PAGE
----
Greater small nerve fibre damage in the skin and cornea of type 1 diabetic patients with painful compared to painless diabetic neuropathyCitation formats

  • External authors:
  • Shazli Azmi
  • Ioannis Petropoulos
  • Georgios Ponirakis
  • Omar Asghar
  • Uazman Alam
  • Andrew Marshall
  • Nathan Efron
  • Handrean Soran
  • Rayaz Malik

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Greater small nerve fibre damage in the skin and cornea of type 1 diabetic patients with painful compared to painless diabetic neuropathy. / Ferdousi, Maryam; Azmi, Shazli; Kalteniece, Alise; Petropoulos, Ioannis; Ponirakis, Georgios; Asghar, Omar; Alam, Uazman; Marshall, Andrew; Boulton, Andrew; Efron, Nathan; Soran, Handrean; Jeziorska, Maria; Malik, Rayaz.

In: European Journal of Neurology, 01.02.2021.

Research output: Contribution to journalArticlepeer-review

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APA

Ferdousi, M., Azmi, S., Kalteniece, A., Petropoulos, I., Ponirakis, G., Asghar, O., Alam, U., Marshall, A., Boulton, A., Efron, N., Soran, H., Jeziorska, M., & Malik, R. (2021). Greater small nerve fibre damage in the skin and cornea of type 1 diabetic patients with painful compared to painless diabetic neuropathy. European Journal of Neurology. https://doi.org/10.1111/ene.14757

Vancouver

Author

Ferdousi, Maryam ; Azmi, Shazli ; Kalteniece, Alise ; Petropoulos, Ioannis ; Ponirakis, Georgios ; Asghar, Omar ; Alam, Uazman ; Marshall, Andrew ; Boulton, Andrew ; Efron, Nathan ; Soran, Handrean ; Jeziorska, Maria ; Malik, Rayaz. / Greater small nerve fibre damage in the skin and cornea of type 1 diabetic patients with painful compared to painless diabetic neuropathy. In: European Journal of Neurology. 2021.

Bibtex

@article{d9843acfe86b49dcbf9378a07ddb3f4d,
title = "Greater small nerve fibre damage in the skin and cornea of type 1 diabetic patients with painful compared to painless diabetic neuropathy",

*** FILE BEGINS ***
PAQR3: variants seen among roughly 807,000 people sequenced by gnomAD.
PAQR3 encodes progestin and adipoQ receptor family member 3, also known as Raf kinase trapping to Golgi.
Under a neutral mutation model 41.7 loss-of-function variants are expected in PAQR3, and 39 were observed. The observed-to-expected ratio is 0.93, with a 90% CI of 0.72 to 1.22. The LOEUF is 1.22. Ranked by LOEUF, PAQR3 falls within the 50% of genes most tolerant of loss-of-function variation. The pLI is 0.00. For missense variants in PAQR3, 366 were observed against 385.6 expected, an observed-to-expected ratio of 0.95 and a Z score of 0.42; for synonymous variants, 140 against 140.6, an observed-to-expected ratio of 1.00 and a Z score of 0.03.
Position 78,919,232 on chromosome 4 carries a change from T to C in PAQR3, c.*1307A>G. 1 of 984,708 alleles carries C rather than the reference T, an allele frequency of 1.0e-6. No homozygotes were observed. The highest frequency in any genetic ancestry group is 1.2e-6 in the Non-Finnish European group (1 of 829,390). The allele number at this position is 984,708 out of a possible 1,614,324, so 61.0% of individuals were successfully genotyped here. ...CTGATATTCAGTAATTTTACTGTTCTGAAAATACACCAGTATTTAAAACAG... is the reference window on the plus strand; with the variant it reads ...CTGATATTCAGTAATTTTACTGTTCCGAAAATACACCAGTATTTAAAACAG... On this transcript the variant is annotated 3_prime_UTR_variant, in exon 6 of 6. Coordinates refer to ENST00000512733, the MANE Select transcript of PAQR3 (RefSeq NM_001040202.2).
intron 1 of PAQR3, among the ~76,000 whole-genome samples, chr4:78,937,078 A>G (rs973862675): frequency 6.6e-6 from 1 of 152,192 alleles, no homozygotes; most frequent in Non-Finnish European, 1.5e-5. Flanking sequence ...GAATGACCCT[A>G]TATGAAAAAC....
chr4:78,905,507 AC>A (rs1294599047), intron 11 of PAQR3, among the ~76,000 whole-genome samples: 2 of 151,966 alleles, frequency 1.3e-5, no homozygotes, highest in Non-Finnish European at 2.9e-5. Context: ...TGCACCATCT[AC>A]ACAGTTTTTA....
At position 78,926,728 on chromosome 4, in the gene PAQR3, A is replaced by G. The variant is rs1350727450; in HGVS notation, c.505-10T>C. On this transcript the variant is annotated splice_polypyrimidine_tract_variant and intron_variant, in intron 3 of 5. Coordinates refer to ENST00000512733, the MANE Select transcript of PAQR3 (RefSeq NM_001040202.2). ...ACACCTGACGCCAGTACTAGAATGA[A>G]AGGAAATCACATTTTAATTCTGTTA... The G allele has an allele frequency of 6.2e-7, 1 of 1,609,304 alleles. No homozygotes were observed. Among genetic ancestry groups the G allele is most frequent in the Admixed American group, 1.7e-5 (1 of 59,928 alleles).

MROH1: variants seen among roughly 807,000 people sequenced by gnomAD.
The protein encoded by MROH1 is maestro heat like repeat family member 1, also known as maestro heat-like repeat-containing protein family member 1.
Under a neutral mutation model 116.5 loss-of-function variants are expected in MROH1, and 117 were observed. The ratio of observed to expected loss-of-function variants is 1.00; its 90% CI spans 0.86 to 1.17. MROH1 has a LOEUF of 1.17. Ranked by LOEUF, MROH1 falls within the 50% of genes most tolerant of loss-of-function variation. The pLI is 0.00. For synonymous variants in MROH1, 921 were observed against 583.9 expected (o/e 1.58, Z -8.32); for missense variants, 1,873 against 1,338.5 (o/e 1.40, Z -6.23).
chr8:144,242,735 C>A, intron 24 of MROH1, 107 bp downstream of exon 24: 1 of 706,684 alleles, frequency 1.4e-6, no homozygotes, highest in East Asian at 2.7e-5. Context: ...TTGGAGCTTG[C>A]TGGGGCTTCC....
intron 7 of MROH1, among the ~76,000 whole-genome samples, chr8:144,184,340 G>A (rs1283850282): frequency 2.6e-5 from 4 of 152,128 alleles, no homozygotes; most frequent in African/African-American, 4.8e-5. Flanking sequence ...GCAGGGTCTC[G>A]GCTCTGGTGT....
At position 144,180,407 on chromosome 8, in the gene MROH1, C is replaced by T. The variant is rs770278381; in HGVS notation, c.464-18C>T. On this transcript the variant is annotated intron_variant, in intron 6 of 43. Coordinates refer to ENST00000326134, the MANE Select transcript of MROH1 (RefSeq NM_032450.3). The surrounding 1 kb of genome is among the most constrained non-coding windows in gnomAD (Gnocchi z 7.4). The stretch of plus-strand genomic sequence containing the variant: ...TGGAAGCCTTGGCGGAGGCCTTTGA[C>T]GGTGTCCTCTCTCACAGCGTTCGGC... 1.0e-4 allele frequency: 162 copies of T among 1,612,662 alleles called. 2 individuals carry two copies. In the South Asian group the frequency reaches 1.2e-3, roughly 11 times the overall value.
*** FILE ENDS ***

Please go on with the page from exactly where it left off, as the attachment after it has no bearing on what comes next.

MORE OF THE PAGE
abstract = "Background and aim: Damage to small nociceptive fibres may contribute to painful diabetic neuropathy. We aimed to compare large and small nerve fibre measurements together with skin biopsy and corneal confocal microscopy in patients with type 1 diabetes and painful or painless diabetic neuropathy. Methods: We have assessed the McGill pain questionnaire, neuropathy disability score, vibration perception threshold, warm and cold sensation thresholds, electrophysiology, corneal confocal microscopy and skin biopsy in participants with type 1 diabetes and painful (n = 41) or painless (n = 50) diabetic neuropathy and control subjects (n = 50). Results: The duration of diabetes, body mass index, glycated haemoglobin (HbA1c), blood pressure and lipid profile did not differ between subjects with painful and painless neuropathy. Neuropathy disability score and vibration perception threshold were higher and sural nerve conduction velocity was lower, but sural nerve amplitude, peroneal nerve amplitude and conduction velocity and cold and warm sensation thresholds did not differ between patients with painful compared to painless diabetic neuropathy. However, intraepidermal nerve fibre density, corneal nerve fibre density, corneal nerve branch density and corneal nerve fibre length were significantly lower in subjects with painful compared to painless diabetic neuropathy. Conclusions: There is evidence of more severe neuropathy, particularly small fibre damage in the skin and cornea, of patients with painful compared to painless diabetic neuropathy.",
keywords = "corneal confocal microscopy, painful diabetic neuropathy, skin biopsy, small fibre pathology",
author = "Maryam Ferdousi and Shazli Azmi and Alise Kalteniece and Ioannis Petropoulos and Georgios Ponirakis and Omar Asghar and Uazman Alam and Andrew Marshall and Andrew Boulton and Nathan Efron and Handrean Soran and Maria Jeziorska and Rayaz Malik",
year = "2021",
month = feb,
day = "1",
doi = "10.1111/ene.14757",
language = "English",